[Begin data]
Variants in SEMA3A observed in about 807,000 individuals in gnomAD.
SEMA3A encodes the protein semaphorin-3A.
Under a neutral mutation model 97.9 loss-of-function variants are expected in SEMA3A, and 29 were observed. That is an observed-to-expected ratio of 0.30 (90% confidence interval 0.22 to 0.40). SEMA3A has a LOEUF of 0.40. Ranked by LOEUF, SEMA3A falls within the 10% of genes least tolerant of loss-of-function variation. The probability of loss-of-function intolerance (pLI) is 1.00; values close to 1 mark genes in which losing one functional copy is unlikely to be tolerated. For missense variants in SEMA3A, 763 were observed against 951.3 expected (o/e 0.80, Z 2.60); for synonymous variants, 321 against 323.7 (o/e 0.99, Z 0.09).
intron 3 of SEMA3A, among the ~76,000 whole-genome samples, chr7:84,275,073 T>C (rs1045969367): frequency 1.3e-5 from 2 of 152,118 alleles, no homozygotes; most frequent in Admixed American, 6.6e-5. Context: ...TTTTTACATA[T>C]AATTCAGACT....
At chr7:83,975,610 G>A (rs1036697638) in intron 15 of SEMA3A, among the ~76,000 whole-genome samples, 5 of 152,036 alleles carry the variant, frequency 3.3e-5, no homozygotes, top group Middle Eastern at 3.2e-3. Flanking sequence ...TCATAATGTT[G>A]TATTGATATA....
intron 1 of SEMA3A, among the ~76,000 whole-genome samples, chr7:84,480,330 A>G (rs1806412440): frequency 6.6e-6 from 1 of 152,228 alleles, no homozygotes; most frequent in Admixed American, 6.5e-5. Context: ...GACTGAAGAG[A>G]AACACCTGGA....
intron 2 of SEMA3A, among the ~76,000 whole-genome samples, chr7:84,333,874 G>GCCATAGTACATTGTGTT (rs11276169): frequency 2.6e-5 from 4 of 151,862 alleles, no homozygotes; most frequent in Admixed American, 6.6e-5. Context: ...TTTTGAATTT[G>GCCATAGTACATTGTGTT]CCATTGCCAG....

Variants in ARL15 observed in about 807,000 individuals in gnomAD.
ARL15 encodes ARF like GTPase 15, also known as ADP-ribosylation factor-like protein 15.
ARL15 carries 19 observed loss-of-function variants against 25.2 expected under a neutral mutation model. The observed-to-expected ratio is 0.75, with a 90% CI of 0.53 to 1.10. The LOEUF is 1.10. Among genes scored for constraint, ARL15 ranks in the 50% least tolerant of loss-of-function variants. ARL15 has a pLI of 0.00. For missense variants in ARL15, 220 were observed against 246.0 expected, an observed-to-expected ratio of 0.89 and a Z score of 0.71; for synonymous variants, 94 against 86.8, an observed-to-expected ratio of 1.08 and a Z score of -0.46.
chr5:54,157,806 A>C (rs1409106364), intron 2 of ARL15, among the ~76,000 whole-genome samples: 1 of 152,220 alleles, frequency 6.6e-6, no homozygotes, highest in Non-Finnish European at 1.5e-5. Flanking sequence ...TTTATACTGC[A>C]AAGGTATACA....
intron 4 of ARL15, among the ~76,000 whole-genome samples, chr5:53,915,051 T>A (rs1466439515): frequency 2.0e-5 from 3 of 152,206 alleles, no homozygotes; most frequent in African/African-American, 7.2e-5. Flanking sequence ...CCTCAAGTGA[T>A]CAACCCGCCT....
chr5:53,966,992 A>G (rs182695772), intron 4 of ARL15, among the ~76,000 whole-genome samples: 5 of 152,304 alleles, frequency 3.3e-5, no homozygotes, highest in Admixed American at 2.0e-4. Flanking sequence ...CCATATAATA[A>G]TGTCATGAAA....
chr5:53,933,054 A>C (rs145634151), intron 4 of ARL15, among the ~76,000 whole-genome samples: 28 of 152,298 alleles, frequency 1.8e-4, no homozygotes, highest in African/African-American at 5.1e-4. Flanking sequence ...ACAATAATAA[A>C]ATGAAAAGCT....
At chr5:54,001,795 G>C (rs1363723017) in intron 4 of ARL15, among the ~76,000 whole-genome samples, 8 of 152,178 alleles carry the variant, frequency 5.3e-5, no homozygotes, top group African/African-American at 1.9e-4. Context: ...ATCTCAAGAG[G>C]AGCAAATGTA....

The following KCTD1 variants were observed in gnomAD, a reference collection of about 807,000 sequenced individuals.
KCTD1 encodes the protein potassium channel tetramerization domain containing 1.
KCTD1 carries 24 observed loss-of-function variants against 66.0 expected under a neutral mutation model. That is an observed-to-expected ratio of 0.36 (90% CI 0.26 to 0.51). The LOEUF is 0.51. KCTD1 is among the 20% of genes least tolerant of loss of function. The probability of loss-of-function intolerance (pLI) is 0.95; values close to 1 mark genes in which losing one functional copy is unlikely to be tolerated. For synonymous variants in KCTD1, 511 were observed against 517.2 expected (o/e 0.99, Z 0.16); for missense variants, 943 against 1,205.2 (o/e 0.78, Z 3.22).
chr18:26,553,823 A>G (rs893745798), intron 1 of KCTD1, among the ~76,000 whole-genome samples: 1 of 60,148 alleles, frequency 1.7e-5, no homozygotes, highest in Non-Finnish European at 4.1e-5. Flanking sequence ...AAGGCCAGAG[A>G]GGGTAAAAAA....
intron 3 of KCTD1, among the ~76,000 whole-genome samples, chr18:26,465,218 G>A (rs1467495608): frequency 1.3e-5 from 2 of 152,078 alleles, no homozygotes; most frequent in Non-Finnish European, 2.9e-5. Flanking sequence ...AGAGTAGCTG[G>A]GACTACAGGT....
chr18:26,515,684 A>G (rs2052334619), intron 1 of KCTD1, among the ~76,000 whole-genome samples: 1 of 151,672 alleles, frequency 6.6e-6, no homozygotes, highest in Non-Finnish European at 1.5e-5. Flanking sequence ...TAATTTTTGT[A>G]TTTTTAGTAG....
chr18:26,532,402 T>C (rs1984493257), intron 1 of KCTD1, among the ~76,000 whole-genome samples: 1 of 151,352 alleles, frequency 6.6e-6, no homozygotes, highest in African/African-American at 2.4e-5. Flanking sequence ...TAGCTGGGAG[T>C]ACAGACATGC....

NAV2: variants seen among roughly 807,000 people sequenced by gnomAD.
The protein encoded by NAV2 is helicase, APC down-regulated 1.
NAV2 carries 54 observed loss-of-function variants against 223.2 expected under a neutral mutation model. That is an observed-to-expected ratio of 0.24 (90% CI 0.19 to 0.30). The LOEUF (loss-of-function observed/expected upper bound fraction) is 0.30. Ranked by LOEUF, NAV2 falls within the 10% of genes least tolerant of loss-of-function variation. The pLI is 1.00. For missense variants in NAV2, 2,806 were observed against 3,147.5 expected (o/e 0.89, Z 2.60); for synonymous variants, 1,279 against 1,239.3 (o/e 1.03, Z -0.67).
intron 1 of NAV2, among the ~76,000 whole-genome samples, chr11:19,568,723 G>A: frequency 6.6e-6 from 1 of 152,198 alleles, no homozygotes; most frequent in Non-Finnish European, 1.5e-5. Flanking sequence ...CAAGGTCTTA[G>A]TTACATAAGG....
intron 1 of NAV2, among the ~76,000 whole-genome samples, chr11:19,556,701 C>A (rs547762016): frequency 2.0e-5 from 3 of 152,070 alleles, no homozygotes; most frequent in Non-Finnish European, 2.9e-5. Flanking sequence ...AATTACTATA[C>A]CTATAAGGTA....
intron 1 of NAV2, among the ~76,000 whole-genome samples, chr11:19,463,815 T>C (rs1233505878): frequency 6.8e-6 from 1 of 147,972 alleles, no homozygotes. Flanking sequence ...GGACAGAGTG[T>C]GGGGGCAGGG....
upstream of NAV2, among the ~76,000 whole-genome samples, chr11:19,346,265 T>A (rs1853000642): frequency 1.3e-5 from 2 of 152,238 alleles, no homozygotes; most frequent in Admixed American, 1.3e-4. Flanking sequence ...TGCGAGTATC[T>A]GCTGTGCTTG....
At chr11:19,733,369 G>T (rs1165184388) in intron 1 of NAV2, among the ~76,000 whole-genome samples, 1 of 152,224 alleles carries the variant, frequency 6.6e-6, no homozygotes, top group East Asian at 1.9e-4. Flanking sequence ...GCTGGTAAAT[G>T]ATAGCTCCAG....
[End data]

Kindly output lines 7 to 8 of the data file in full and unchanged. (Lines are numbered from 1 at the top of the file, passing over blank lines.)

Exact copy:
intron 2 of SEMA3A, among the ~76,000 whole-genome samples, chr7:84,333,874 G>GCCATAGTACATTGTGTT (rs11276169): frequency 2.6e-5 from 4 of 151,862 alleles, no homozygotes; most frequent in Admixed American, 6.6e-5. Context: ...TTTTGAATTT[G>GCCATAGTACATTGTGTT]CCATTGCCAG....

Variants in ARL15 observed in about 807,000 individuals in gnomAD.